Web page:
Just One Bull for Bitcoin: Stimulus. Meanwhile, some investors are selling stocks in anticipation that there won’t be a stimulus up until the US presidential election on November 3.
At the same time, those with a long-term outlook buy the dips, thereby keeping the market within a strict trading range.
Bitcoin traders are showing the same bias. Despite a sequence of good news that concerns its mainstream adoption – such as hundreds of millions of dollars of combined investments from Square, MicroStrategy, and other mainstream firms, the cryptocurrency market’s most clear bullish bias remain the STIMULUS DEAL.
So does it matter what the third-quarter earnings are? Not entirely. The US central bank and government have created artificial inflation in the risk-on markets with their unprecedented expansionary policies.
Those with a more robust risk appetite would likely hold Bitcoin through the choppy storm ahead. Meanwhile, those looking to secure short-term gains would keep pushing its price towards $10,000 – or lower.
Where do you stand? Tell us in the comment box below.
The dilemma was the same at the beginning of July 2020: could or could not Wall Street earnings influence the Bitcoin price trend? Entering October 2020, the market has some clues about it.
But before discussing that, let’s focus on one of the articles we published ahead of the second-quarter earnings in July.
Titled “BITCOIN INVESTORS SHOULD PREPARE FOR A STORMY SECOND HALF OF 2020,” the piece discussed our fears of a significant downside correction in the Bitcoin market should overvalued equities correct. And we were somewhat right.
We had anticipated a chain of events that goes in the order as follows.
The US government stimulus of $2 trillion expires. The market runs out of liquidity. Investors start seeking cash, so they decide to sell whatever asset that appears profitable to them. They dump stocks of companies with low Q2 earnings and higher equity value.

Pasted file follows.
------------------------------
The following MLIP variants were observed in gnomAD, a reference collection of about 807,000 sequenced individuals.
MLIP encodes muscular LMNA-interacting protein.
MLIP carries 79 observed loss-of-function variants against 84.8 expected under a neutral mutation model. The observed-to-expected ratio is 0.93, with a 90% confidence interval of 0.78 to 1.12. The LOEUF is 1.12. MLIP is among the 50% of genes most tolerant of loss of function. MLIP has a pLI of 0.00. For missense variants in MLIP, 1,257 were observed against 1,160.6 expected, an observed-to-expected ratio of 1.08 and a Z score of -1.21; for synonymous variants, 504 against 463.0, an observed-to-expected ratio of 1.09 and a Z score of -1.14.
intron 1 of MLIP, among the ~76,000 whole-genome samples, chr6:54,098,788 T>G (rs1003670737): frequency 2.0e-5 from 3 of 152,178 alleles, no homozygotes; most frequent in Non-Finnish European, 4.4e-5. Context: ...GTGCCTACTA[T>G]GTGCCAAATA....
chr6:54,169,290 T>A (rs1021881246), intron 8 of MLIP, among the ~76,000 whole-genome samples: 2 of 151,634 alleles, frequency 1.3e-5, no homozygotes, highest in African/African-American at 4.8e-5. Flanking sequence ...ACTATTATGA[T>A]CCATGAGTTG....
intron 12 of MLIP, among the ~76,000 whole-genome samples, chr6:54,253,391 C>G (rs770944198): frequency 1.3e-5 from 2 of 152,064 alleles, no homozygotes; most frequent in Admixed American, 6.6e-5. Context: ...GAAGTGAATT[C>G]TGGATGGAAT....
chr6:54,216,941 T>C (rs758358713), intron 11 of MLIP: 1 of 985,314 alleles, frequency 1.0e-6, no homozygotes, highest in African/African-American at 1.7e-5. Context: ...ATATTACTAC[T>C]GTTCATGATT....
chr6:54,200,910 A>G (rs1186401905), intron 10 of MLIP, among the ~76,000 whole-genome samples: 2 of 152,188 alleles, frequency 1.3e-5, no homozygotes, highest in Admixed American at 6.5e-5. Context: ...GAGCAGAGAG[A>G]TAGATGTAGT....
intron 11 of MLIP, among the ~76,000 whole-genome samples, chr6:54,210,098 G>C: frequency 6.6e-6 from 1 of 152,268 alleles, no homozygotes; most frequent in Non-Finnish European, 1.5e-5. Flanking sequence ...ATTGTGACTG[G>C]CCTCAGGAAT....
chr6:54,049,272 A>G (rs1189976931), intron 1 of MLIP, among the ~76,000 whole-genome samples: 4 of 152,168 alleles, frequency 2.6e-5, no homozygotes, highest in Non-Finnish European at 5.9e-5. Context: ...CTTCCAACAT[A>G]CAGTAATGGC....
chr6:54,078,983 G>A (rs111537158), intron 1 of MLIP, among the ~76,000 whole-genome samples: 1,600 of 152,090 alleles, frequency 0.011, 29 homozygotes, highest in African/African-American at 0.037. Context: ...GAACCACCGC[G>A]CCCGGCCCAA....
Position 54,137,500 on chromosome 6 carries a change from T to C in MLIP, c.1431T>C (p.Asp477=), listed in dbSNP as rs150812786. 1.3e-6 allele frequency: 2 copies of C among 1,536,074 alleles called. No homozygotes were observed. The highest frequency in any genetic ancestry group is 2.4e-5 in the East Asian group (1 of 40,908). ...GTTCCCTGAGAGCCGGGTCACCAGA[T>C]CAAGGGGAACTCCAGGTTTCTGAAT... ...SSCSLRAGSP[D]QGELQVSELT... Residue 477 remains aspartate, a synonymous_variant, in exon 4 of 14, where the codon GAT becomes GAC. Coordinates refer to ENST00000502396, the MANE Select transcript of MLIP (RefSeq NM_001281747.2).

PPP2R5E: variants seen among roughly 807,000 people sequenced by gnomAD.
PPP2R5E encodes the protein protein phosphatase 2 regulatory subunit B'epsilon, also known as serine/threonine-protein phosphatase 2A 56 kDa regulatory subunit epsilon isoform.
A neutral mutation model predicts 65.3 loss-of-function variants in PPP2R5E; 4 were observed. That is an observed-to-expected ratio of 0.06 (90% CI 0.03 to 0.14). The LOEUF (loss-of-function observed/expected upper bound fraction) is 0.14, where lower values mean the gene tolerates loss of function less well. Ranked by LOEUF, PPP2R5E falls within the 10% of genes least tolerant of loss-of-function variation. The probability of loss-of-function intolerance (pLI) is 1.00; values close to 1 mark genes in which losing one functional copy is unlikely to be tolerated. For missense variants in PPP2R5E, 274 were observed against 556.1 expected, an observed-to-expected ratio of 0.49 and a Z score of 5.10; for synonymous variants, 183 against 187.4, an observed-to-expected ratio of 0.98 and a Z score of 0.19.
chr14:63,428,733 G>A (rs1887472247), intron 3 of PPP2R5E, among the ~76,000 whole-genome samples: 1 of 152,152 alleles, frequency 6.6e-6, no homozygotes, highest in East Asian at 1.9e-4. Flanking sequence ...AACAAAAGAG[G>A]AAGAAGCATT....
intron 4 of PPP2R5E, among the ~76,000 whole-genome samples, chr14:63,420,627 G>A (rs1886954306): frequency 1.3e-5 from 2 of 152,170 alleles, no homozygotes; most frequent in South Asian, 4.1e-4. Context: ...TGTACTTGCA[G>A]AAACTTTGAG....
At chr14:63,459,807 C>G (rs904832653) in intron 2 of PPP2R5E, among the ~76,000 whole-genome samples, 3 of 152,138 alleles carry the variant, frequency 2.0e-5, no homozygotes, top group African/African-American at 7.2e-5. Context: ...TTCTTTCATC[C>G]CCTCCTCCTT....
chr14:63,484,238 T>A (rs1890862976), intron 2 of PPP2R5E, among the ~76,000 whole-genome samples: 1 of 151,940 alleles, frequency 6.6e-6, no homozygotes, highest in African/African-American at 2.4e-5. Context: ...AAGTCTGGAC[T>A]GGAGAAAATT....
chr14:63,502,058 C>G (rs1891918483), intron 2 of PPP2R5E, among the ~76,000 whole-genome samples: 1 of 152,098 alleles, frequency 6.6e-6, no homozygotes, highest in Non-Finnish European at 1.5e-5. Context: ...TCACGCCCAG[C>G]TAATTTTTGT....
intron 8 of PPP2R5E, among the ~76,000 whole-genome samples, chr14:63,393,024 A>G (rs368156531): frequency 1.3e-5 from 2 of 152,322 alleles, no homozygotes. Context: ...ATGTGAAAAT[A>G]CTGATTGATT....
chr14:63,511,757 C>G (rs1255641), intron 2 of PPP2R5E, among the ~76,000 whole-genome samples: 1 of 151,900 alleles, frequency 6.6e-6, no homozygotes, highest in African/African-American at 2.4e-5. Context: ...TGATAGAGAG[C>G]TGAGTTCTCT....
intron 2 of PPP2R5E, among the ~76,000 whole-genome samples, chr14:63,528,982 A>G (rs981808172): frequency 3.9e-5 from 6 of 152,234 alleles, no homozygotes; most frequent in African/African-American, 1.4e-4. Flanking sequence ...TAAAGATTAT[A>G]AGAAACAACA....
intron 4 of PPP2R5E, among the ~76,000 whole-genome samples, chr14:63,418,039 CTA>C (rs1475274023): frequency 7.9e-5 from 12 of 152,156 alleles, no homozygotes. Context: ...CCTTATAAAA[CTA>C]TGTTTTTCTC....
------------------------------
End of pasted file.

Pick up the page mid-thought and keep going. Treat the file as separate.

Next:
Meanwhile, those with exposure in Bitcoin also sell their holdings for cash; the stock market indexes go down; Bitcoin falls in tandem.
The benchmark cryptocurrency started correcting almost a month after we published the article mentioned above. On August 17, it topped for the year near $12,500. By September 8, it was trading for as low as $9,819.
But as we said, we were SOMEWHAT right – not entirely. We did not expect Bitcoin to hold the $10,000-level as support firmly. But it did anyway. The result was a strong rebound towards $11,700 just this week, albeit amid choppy trading.
Similarly, the US stocks underwent massive downside corrections led by the tech stocks. But they managed to hold above crucial support levels on the Federal Reserve’s vows to keep interest rate near zero up until 2023, keep buying government bonds infinitely and raise its long-term inflation target above the 2 percent benchmark.
Investors understood they had nowhere else to go. If they treated the US dollar as their safe-haven, an additional stimulus would pose risks to their outlook. If they remained glued to the US bonds market, the poor yields led by lower lending rates would have made it a wrong choice.
That caused the so-called TINA effect, a backronym for There-Is-No-Alternative. Investors increased their exposure to assets that were riskier than the US dollar and bonds. That included stocks that rose despite their companies’ inadequate revenues.
With that came the third-quarter earnings season this week. Yes, the US equities remain overvalued. Wall Street analyst FactSet reports that many firms have even refused to publish their financial records. But still, investors are bullish on stocks.
The reason is the same: investors expect the US Congress to release the second stimulus package. The Democrats and the Republicans have already delayed the aid for months over its size. The former wants $2.3 trillion for the American people, while the latter has refused to push it anywhere above $1.6 trillion.